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King of Babylon
Reignc. 1041–1030 BC[a]
House2nd Dynasty of Isin

Marduk-zer-X (ruled c. 1041–1030 BC) was the 10th and penultimate king of the 2nd Dynasty of Isin, the 4th Dynasty of Babylon. The last part of his name is unknown, as the principal sources of information, the King List A[i 1] and the Synchronistic King List[i 2] are both damaged at this place in the sequence, hence the “x”. The reading of “zer” in his name by Poebel is almost as uncertain, as the character may be MU which would correspond to šuma or similar.[2] His Assyrian contemporary was Aššur-nasir-apli I.


He ruled twelve years according to the King List A.[i 1] At present, there are no inscriptions that have been identified as contemporaneous with his reign and it is only his appearance on the king lists which identify him.[3]

There has been some speculation by Hallo, Younger, and others that the Prophecy A text[i 3] refers to the kings of this dynasty with King III corresponding to Marduk-nādin-aḫḫē, and King IV to Marduk-šāpik-zēri due to the coincidences of their length of reigns. For subsequent kings, the "prophecies" offer poor correlation with their reigns and known events. In this scheme, Marduk-zer-X is represented by King VI, whose text is very broken up but the rivers are said to have filled with silt.[4] This reconstruction depends on the identification of Adad-apla-iddina as a usurper, a position undermined by the discovery of the Walker Chronicle.[5]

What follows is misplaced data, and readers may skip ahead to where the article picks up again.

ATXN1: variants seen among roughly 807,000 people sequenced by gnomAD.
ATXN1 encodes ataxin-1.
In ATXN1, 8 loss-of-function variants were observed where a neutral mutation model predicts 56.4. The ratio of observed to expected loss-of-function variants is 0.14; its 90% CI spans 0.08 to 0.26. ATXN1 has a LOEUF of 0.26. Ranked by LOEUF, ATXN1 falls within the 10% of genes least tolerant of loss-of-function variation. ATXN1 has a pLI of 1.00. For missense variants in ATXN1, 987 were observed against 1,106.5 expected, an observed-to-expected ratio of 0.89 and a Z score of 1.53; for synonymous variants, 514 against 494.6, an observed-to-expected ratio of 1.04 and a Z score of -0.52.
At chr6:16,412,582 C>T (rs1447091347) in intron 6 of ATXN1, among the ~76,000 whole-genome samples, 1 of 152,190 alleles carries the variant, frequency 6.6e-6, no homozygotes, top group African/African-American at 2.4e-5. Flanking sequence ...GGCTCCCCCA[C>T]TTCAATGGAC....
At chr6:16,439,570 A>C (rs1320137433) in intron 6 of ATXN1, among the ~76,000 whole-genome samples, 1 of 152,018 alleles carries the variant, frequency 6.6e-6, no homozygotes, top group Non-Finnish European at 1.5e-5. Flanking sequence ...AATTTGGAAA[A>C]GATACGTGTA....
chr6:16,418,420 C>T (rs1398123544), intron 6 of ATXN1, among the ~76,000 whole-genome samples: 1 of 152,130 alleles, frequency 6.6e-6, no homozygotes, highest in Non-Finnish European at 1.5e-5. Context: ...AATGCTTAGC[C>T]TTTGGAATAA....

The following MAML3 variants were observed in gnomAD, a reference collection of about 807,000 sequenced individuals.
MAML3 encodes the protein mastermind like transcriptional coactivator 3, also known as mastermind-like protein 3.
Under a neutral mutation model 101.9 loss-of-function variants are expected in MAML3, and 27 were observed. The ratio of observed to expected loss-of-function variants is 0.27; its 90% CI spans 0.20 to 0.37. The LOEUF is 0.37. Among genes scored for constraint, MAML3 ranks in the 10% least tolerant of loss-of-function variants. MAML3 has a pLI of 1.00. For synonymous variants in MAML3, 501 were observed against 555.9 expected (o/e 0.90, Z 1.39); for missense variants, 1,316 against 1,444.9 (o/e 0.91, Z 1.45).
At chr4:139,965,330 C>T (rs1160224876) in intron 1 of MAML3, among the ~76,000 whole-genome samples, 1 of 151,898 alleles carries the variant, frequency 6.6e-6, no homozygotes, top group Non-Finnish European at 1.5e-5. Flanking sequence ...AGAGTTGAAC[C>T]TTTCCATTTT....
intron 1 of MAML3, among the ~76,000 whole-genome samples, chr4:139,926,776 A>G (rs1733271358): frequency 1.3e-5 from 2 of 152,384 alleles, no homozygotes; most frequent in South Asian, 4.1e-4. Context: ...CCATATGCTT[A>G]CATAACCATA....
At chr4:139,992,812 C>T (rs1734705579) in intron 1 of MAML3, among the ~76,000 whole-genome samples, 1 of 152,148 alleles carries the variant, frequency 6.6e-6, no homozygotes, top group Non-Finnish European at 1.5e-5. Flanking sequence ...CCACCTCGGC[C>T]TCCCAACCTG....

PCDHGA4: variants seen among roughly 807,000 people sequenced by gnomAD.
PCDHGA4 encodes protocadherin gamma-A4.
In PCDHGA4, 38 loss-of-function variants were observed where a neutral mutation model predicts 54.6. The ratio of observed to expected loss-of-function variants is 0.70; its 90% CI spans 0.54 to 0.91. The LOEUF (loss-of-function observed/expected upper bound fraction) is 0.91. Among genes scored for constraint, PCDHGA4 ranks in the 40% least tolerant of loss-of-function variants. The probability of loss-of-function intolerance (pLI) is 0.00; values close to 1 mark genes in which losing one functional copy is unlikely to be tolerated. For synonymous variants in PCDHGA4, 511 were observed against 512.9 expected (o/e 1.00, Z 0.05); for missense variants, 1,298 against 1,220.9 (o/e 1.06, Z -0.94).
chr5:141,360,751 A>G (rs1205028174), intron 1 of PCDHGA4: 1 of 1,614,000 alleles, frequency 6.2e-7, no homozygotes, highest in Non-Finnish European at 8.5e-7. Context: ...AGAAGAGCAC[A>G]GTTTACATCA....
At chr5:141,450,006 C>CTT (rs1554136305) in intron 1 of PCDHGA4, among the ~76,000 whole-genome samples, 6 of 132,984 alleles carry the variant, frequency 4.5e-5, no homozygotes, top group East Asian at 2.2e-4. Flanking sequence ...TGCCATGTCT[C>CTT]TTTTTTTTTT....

He was succeeded by Nabû-šuma-libūr, whose relationship to him is uncertain.


  1. ^ a b King List A, BM 33332,
  2. ^ Synchronistic King List A.117, Assur 14646c,
  3. ^ Prophecy A, tablet VAT 10179, KAR 421.


  1. ^ Previous scholarship assumed that Marduk-kabit-ahheshu, the founder of the second dynasty of Isin, ruled for the first years of his reign concurrently with the last Kassite king, but per Beaulieu (2018), more recent research suggests that this was not the case, necessitating a revised chronology of the kings after Marduk-kabit-ahheshu. Marduk-zer-X has previously been dated to about 1046–1033 BC, with 1041–1030 BC being Beaulieu's revised dates.[1]


  1. ^ Beaulieu, Paul-Alain (2018). A History of Babylon, 2200 BC - AD 75. Pondicherry: Wiley. pp. 154–155. ISBN 978-1405188999.
  2. ^ J. A. Brinkman (1968). A political history of post-Kassite Babylonia, 1158-722 B.C. Analecta Orientalia. p. 45.
  3. ^ D. J. Wiseman (1975). "XXXI: Assyria and Babylonia, c. 1200-1000 BC". In I. E. S. Edwards (ed.). Cambridge Ancient History, Volume 2, Part 2, History of the Middle East and the Aegean Region, c. 1380-1000 BC. Cambridge University Press. p. 471.
  4. ^ Tremper Longman (July 1, 1990). Fictional Akkadian autobiography: a generic and comparative study. Eisenbrauns. p. 161.
  5. ^ C.B.F. Walker (May 1982). "Babylonian Chronicle 25: A Chronicle of the Kassite and Isin II Dynasties". In G. van Driel (ed.). Assyriological Studies presented to F. R. Kraus on the occasion of his 70th birthday. Netherlands Institute for the Near East. p. 417.